Noise and Music


When Johnny Greenwood’s music track for We Need To Talk About Kevin was nominated for Best Original Film Score at the Ivor Novello Awards, I hoped it would win because it was remarkably effective while playing its part in the film.

Music used to be part of the soundtrack.  I know that music is only one kind of filmic sound but it was part of the whole cinematic experience and how sight influences sound and sound back again is always interesting.

1

For many years, there was a recognisable repertoire of musical themes which cued when the “baddie” was creeping up on his next victim, when the lovers declared their feelings, when the cavalry came.   And though we might deride them, these musical messages were pretty effective.

Increasingly music has been used in film and television programming as it is in shops, as white sound, to lull us into unthinking acceptance, to reassure us that what we are seeing isn’t so bad (in any sense) as we think it is because – listen ! – here comes that song again.

 

An early example of music out of its groove would be “The Go Between”(1970), a film remarkable in equal parts for physical beauty, psychological bitterness and musical bathos, this last enshrined in a repetitive tune of such irritation that I never saw the film all the way through, only in bits on several occasions.  The music track was like chalk on a blackboard – worse, counter-productive: eventually, I didn’t care what happened; I just wanted the music to stop.

More recently, having read a congratulatory piece that touched on the making of David Attenborough’s latest BBC series, the integrity of the team, the skill of the cameramen (fabulous above all else), DA’s invaluable hand on the project tiller, and on, I tuned in to watch.

2

The music annoyed me so much that I tried turning the sound down and missed commentary.  I did this several times, counseling my soul to patience, until at last, awash with unnecessary musical cues when the wonder of white universe was all I wanted to think about, my thoughts interrupted by musical signals that told me when to laugh, when to cry, when to catch my breath in wonder – I gave up.  Here’s hoping the makers sell it wide high and handsome.  But the use of music in that series is less about art and more about propaganda.   And it is the music that offends.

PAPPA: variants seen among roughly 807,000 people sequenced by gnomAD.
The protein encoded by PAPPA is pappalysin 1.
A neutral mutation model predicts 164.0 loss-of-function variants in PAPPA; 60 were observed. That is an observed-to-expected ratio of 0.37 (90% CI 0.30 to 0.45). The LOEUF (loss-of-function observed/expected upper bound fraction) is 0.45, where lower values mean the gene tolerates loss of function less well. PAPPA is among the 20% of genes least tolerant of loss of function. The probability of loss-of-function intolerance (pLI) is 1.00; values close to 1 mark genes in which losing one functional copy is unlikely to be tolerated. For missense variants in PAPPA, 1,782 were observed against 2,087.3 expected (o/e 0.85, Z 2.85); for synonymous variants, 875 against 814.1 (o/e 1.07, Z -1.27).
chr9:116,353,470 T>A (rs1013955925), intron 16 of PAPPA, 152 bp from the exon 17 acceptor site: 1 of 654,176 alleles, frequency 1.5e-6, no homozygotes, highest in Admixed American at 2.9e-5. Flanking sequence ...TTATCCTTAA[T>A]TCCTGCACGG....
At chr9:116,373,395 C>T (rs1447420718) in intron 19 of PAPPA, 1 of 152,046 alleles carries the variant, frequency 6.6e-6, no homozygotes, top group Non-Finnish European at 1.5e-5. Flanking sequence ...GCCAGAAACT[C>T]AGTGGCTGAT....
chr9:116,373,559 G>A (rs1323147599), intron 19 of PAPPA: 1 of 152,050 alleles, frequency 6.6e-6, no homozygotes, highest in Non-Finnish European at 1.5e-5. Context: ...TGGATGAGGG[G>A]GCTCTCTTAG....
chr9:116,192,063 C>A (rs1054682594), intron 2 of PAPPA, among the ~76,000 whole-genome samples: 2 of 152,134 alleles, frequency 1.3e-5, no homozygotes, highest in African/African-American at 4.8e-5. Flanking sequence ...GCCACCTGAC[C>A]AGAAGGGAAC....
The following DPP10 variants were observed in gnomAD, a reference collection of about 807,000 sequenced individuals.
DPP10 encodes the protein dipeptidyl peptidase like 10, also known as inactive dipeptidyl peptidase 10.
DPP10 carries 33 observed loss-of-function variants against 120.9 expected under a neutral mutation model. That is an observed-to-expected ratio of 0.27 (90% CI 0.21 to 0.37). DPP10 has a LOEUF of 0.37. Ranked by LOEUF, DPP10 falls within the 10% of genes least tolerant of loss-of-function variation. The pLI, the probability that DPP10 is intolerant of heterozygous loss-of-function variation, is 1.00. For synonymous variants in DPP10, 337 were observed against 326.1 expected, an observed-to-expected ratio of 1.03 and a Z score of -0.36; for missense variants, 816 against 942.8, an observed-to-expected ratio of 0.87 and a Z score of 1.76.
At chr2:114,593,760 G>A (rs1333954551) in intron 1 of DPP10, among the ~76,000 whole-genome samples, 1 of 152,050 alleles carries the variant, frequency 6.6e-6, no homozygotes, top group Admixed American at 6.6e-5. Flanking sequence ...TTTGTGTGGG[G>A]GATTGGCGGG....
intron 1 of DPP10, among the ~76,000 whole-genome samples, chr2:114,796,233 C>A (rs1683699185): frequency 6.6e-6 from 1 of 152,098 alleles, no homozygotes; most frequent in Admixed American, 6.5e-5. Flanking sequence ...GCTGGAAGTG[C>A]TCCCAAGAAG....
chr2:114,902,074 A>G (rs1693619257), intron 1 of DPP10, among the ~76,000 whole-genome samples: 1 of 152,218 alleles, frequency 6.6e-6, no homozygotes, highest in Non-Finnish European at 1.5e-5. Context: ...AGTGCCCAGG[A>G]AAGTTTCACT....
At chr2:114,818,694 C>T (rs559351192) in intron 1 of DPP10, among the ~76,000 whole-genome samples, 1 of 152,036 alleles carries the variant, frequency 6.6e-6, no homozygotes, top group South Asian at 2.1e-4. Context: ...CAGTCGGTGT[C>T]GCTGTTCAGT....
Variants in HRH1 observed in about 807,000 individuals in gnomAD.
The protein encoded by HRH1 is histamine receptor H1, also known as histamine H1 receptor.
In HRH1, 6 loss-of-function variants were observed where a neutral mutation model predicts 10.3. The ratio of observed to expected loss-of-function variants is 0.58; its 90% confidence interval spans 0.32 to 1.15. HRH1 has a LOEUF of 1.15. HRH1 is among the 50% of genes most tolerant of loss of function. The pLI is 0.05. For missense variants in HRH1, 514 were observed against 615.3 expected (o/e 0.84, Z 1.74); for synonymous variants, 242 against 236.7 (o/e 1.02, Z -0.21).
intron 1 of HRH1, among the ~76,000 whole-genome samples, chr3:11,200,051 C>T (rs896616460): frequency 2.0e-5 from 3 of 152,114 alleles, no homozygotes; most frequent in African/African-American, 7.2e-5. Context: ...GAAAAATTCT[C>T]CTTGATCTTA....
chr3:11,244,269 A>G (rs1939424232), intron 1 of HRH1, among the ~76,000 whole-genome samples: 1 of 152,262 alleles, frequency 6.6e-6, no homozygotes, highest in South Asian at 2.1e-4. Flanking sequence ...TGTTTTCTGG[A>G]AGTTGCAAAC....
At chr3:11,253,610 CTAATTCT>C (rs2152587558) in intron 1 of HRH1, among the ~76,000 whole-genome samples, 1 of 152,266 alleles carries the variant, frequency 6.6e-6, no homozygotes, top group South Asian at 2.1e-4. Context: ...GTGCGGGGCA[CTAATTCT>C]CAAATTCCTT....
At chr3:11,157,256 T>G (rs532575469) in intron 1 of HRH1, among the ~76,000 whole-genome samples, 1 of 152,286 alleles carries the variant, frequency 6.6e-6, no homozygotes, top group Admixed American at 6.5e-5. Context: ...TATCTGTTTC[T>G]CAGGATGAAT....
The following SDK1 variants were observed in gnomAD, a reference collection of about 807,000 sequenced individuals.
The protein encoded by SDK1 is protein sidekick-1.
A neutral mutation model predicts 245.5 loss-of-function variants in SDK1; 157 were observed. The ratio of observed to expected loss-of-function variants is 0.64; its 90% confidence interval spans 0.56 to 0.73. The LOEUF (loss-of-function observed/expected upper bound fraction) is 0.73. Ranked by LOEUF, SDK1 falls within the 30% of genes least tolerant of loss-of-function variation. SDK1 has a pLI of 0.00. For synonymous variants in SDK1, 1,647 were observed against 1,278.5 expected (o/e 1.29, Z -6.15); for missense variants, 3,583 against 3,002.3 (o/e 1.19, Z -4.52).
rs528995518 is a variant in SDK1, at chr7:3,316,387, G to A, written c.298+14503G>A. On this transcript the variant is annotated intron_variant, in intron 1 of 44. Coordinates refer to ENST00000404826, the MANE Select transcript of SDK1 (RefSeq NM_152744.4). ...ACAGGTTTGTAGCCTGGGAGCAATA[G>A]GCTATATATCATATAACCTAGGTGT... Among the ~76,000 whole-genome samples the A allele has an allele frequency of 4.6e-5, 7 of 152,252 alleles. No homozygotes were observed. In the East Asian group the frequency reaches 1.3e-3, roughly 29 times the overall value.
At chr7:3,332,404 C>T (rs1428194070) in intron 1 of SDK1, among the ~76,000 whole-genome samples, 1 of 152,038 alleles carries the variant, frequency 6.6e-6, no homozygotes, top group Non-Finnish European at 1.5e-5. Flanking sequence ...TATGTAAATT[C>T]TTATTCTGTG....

I watched DA’s one off programme about the giant egg he found in Mauritius.  He was wonderful, it was wonderful and the music was under control.

 

The over use – abuse? – of music in film is wrongheaded.  Either that or it is shrewd and knowing in the worst way.

For example, we are going through a phase when many wildlife documentaries increasingly focus on a presenter (though when the presenting chores are shared it works better).  When it’s one face to camera, we start with a double bluff – “Here am I, all by myself in the Cascades, looking for bears” says the presenter – but you and I know that, if this is being filmed, there is a camera team out of shot doing the filming.

3

Otherwise, how could pictures of the location, the presenter and the fauna be combined?   Cue – emollient music, to bind everything together and make it seem all right – here is a baby bear, there is a thunderstorm, this is the road back to where most of us live.

Real sound (wild sound) and the sounds of silence remain incredibly potent because they pull you in, closer to the image, they spare you less.

In “Le Fils” (by the Darenne brothers)  which is short and tight, there are only natural sounds, of shutting doors, of nails drumming on a surface, timber being piled, the rustle of money.

While in Paul Haggis’s undervalued “Valley of Elah” (biblically, where David slew Goliath) the sounds of the “real” world (the click of a light switch, cigarette wrapping unfolding noisily in the dead of a sleepless night) marked time in the story, the slow discovery of what happened to a missing son, his death at the hands of his brothers-in-arms and why no-one wants to know.

 

And maybe the enormous success of “The Artist” serves to underline that in a world of noise, even musical noise; silence still has something to say.

 

4 responses to “Noise and Music

  1. Dear Anna,
    Just thought I would tell you how much I am enjoying your blog especially as unfortunately we don’t see as much of you on TV or hear your lovely voice through the radio anymore. I knew you were out there somewhere still talking sense – long may it continue and I now look forward to reading more through the coming months.
    Best wishes Michele.

  2. thank you
    deeply apapreciate feedback
    banging on the radio door
    fascinating trip to the National Sound Archive where the curator tells me 600 radio stations saving 3 per cent of product
    Does that mean we all have to re re re invent or do the companies not value what we do ?

    • You’re welcome. Radio’s so diluted now. There’s more and more stations. It’s hard to keep up!

Annalog is all about discussion, so feel free to leave a comment!

Fill in your details below or click an icon to log in:

WordPress.com Logo

You are commenting using your WordPress.com account. Log Out /  Change )

Google+ photo

You are commenting using your Google+ account. Log Out /  Change )

Twitter picture

You are commenting using your Twitter account. Log Out /  Change )

Facebook photo

You are commenting using your Facebook account. Log Out /  Change )

Connecting to %s

This site uses Akismet to reduce spam. Learn how your comment data is processed.